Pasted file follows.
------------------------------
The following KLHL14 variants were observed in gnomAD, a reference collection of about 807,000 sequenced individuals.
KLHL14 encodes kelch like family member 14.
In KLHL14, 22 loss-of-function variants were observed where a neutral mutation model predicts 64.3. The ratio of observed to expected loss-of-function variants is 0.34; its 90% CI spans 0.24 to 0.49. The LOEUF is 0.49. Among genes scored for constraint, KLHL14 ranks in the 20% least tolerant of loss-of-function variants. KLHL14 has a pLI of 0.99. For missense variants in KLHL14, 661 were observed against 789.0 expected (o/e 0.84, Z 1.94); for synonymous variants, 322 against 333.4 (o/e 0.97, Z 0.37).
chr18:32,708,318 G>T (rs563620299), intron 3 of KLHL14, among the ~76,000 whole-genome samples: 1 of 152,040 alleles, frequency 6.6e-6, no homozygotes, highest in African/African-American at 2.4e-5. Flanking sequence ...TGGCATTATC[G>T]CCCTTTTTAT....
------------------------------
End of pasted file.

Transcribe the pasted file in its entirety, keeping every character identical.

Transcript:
The following KLHL14 variants were observed in gnomAD, a reference collection of about 807,000 sequenced individuals.
KLHL14 encodes kelch like family member 14.
In KLHL14, 22 loss-of-function variants were observed where a neutral mutation model predicts 64.3. The ratio of observed to expected loss-of-function variants is 0.34; its 90% CI spans 0.24 to 0.49. The LOEUF is 0.49. Among genes scored for constraint, KLHL14 ranks in the 20% least tolerant of loss-of-function variants. KLHL14 has a pLI of 0.99. For missense variants in KLHL14, 661 were observed against 789.0 expected (o/e 0.84, Z 1.94); for synonymous variants, 322 against 333.4 (o/e 0.97, Z 0.37).
chr18:32,708,318 G>T (rs563620299), intron 3 of KLHL14, among the ~76,000 whole-genome samples: 1 of 152,040 alleles, frequency 6.6e-6, no homozygotes, highest in African/African-American at 2.4e-5. Flanking sequence ...TGGCATTATC[G>T]CCCTTTTTAT....